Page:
An imaging technique that combines ultrasound and specially modified contrast agents may allow researchers to non-invasively detect cancer and show its progression.
The technique, published in The Journal of Nuclear Medicine, enables researchers to visualise tumour activity at the molecular level.
‘We hope this technique may be helpful for the early detection of disease,’ said Juergen K Willmann, MD, lead author of the study and assistant professor of radiology at Stanford University School of Medicine.
‘It may help save lives by finding cancer — such as breast, ovarian or pancreatic cancer — in the very early stages, when it is still curable.’
In the study, researchers intravenously injected microbubbles — gas-filled spheres small enough to travel through vessels — into mice with cancers.
The microbubbles, which were paired with a new peptide (a molecule that consists of a chain of amino acids) were designed to travel through the vascular system and attach to integrin — a well-characterised molecular marker that acts as a ’red flag’ for tumour vessel growth, or angiogenesis.
Tumour vessel growth occurs when active tumour cells create certain pathways to provide the tumour with a sufficient supply of oxygen, nutrients and other factors needed for growth.
Once the gas-filled microbubbles seek out the cancers and attach to their vessel walls, they send out signals that are picked up by standard clinical ultrasound scanners.
The imaging signals produced by the microbubbles are reflected back to the ultrasound transducer and illuminate the areas that outline the tumour, providing researchers with a sonogram of tumour vessel growth on a molecular level.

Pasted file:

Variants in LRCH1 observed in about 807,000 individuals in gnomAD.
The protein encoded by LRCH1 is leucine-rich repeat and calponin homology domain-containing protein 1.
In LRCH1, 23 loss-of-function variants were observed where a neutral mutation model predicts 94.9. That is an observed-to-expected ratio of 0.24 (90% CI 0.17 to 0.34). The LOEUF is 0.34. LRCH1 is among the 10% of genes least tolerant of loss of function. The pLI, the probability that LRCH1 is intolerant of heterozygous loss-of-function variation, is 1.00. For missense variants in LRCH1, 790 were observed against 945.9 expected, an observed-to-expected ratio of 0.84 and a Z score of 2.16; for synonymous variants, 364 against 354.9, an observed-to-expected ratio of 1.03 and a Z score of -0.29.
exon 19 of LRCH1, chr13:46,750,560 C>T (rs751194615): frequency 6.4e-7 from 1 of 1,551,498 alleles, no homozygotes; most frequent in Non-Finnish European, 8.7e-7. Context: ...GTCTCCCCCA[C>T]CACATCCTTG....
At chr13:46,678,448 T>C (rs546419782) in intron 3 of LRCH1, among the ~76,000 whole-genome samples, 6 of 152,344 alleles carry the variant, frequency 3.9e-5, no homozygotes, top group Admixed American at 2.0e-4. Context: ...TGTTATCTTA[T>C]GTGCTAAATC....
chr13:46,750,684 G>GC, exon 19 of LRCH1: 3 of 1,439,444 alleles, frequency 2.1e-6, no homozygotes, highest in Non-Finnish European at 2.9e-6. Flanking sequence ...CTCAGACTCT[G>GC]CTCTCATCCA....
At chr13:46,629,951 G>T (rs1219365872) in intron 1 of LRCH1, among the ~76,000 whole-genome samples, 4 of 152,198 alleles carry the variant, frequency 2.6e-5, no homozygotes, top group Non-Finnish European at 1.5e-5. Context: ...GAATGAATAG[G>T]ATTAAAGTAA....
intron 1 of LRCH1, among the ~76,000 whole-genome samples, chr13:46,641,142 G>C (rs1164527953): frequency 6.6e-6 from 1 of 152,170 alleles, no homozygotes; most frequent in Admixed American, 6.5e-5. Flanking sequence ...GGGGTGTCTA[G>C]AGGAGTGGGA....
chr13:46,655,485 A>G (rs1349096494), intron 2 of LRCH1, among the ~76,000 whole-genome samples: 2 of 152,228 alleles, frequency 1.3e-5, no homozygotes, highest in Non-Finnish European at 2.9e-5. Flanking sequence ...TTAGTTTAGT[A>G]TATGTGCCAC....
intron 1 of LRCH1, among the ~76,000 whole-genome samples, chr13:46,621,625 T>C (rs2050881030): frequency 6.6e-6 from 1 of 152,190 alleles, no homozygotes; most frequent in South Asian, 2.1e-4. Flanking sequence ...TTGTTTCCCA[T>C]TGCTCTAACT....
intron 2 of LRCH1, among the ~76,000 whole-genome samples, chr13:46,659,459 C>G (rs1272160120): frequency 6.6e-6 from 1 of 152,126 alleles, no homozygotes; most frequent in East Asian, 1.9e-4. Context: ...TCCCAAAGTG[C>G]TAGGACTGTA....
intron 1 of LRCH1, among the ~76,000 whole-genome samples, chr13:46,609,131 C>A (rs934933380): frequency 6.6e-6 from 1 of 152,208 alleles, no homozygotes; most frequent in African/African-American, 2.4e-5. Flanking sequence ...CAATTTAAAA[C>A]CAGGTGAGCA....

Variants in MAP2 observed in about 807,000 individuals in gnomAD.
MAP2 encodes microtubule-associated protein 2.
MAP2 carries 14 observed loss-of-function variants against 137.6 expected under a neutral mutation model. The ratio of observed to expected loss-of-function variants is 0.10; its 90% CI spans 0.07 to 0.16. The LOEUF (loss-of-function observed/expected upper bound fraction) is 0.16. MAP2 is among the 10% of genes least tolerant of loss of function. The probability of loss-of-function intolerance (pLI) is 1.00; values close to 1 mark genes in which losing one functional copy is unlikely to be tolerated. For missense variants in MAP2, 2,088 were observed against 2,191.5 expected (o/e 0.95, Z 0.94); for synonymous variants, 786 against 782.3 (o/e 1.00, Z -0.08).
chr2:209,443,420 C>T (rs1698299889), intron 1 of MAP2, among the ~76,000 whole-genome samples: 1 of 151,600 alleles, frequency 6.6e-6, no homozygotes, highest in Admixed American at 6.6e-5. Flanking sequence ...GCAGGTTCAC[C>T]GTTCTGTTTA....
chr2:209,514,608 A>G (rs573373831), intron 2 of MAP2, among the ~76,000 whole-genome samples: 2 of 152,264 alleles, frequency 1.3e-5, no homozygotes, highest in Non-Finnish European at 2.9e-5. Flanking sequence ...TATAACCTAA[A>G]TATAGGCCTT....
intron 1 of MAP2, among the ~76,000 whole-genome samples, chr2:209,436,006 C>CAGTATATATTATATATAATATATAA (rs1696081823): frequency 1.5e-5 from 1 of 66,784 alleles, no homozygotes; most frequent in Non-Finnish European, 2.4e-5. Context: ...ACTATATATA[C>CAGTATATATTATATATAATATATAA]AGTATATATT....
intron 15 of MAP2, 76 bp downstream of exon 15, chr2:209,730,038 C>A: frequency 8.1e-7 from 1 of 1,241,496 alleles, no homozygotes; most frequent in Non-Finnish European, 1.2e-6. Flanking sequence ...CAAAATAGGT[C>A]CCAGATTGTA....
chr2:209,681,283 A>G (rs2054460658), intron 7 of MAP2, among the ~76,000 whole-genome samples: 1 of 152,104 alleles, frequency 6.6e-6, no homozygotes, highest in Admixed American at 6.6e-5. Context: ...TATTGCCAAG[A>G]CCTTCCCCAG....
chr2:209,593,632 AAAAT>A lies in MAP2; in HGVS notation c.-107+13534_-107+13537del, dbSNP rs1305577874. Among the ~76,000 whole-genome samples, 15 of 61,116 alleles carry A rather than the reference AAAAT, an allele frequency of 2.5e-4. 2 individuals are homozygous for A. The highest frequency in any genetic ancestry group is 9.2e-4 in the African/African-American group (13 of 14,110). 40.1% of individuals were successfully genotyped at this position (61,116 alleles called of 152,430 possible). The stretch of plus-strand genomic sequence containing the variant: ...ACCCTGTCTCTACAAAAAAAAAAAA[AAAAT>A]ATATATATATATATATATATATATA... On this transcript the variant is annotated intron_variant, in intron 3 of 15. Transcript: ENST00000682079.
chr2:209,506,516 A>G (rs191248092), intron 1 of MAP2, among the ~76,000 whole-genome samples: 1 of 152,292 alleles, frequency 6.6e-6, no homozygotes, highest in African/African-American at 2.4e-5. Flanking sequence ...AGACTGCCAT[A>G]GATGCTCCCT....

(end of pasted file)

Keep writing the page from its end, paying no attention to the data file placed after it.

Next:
Contrast-enhanced ultrasound can be used to image blood perfusion in organs, to measure blood flow-rate in the heart and other organs and to perform other applications, such as characterisation of focal lesions in the liver.
Current interest is focused on modifying contrast agents to make them specifically useful for molecular imaging.
The microbubbles, paired with the new peptide that binds to tumour vessel cells as studied in the current research, may be more effective than antibody molecules, which are time-intensive to produce, are costly and may cause adverse reactions in patients.
Non-invasive imaging strategies may be particularly helpful for diagnosing cancer in its earliest stages as well as for developing therapeutic agents to treat cancer and monitoring whether treatment is working.